On August 9, 1989, at the direction of the FBI, Phillips again met with Moser for the purpose of concluding the four or five ounce cocaine transaction which was previously discussed on May 24, 1989. Phillips told Moser that he wanted to purchase four ounces of cocaine on August 9, 1989. Phillips then met Moser at a later time and paid him $4,800 in FBI funds for the cocaine. Moser took the money and told Phillips he would deliver the four ounces to Phillips' house. Moser later came to the residence of Phillips and was arrested by agents of the FBI. Moser was searched and a loaded small-caliber hand gun was found. No cocaine was found on Moser at this time.
On August 16, 1989, the Federal Grand Jury for the Eastern District of Tennessee returned a nine-count indictment charging conspiracy and numerous controlled substance violations. The named defendants were Leon Moser, Larry Bryant, and Charles Anderson. Charles Anderson entered a guilty plea to count nine of the indictment charging him with conspiracy to distribute cocaine. He was sentenced to twelve months in prison and three years supervised release.
Moser and Bryant raise a number of issues on appeal. Those issues raised by Moser will be discussed first and those raised by Bryant will follow.
Moser first argues that there was insufficient evidence to sustain his conviction of attempting to distribute cocaine or for using a firearm in relation to a drug trafficking offense. In reviewing a jury's verdict under a sufficiency of the evidence standard, the court must consider all the evidence in the light most favorable to the prosecution. Jackson v. Virginia, 443 U.S. 307, 319, 99 S.Ct. 2781, 2789, 61 L.Ed.2d 560 (1979). A conviction will be affirmed if any rational trier of fact could have found the defendant guilty beyond a reasonable doubt. United States v. Bourjaily, 781 F.2d 539, 544 (6th Cir.1986) aff'd, 483 U.S. 171, 107 S.Ct. 2775, 97 L.Ed.2d 144 (1987).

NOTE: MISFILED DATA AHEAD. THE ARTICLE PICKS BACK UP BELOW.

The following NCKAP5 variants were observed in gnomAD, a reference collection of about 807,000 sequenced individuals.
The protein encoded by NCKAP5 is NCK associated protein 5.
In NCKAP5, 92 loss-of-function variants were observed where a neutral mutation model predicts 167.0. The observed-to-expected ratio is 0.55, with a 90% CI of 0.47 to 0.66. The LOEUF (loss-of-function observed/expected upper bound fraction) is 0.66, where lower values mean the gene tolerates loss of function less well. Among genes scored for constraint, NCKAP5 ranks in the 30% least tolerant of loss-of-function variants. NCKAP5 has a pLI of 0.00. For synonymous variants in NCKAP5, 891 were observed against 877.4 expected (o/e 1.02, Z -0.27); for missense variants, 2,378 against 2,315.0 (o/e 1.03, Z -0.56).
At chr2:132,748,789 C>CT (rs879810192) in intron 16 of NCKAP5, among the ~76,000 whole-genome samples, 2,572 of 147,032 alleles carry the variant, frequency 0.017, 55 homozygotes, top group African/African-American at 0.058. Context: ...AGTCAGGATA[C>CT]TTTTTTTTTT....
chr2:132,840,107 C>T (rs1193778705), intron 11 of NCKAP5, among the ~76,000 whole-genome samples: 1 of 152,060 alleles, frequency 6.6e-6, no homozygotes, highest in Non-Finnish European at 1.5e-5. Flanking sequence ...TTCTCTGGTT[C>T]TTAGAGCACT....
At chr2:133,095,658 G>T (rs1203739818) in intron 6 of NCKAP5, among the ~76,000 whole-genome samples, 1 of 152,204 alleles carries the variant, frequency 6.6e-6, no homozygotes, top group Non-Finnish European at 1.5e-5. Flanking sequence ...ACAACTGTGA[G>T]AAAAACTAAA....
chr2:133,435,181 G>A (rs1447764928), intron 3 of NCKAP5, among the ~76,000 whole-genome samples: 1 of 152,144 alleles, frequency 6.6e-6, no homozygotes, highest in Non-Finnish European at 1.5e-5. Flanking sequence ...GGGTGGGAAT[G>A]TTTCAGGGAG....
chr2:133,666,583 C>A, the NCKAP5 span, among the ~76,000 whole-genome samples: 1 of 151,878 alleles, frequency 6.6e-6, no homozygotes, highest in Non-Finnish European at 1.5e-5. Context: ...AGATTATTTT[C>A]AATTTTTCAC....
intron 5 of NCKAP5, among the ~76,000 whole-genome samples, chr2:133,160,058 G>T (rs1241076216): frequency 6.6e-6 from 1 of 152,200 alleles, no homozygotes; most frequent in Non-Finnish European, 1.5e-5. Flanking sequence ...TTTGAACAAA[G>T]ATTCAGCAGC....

In order to prove the crime of attempt, the government must introduce evidence to establish: (1) the intent to engage in criminal activity, and (2) the commission of one or more overt acts which constituted a substantial step towards the commission of the substantive offense. United States v. Reeves, 794 F.2d 1101, 1104 (6th Cir.), cert. denied, 479 U.S. 963, 107 S.Ct. 463, 93 L.Ed.2d 408 (1986). At trial, Phillips testified that Moser agreed to sell him four ounces of cocaine on August 9, 1989, and further testified that Moser accepted $4,800 of FBI money in furtherance of that agreement. There was also testimony that on August 9, 1989, Moser went to the residence of Wayne McKeehan, who was suspected by FBI agents to be Moser's supplier. Phillips also testified Moser agreed to deliver the cocaine to his residence. On that same afternoon, Moser did appear at Phillips' residence. This evidence provides adequate support for Moser's conviction for attempting to distribute cocaine.
Since there is adequate evidence to support Moser's conviction with respect to attempting to distribute cocaine, his conviction for possessing a firearm must also be affirmed. The statute merely requires the defendant to be in possession of a firearm during a drug trafficking offense. See 18 U.S.C. Sec. 924(c)(1). The testimony is uncontradicted that Moser was in possession of a firearm when he entered Phillips' residence.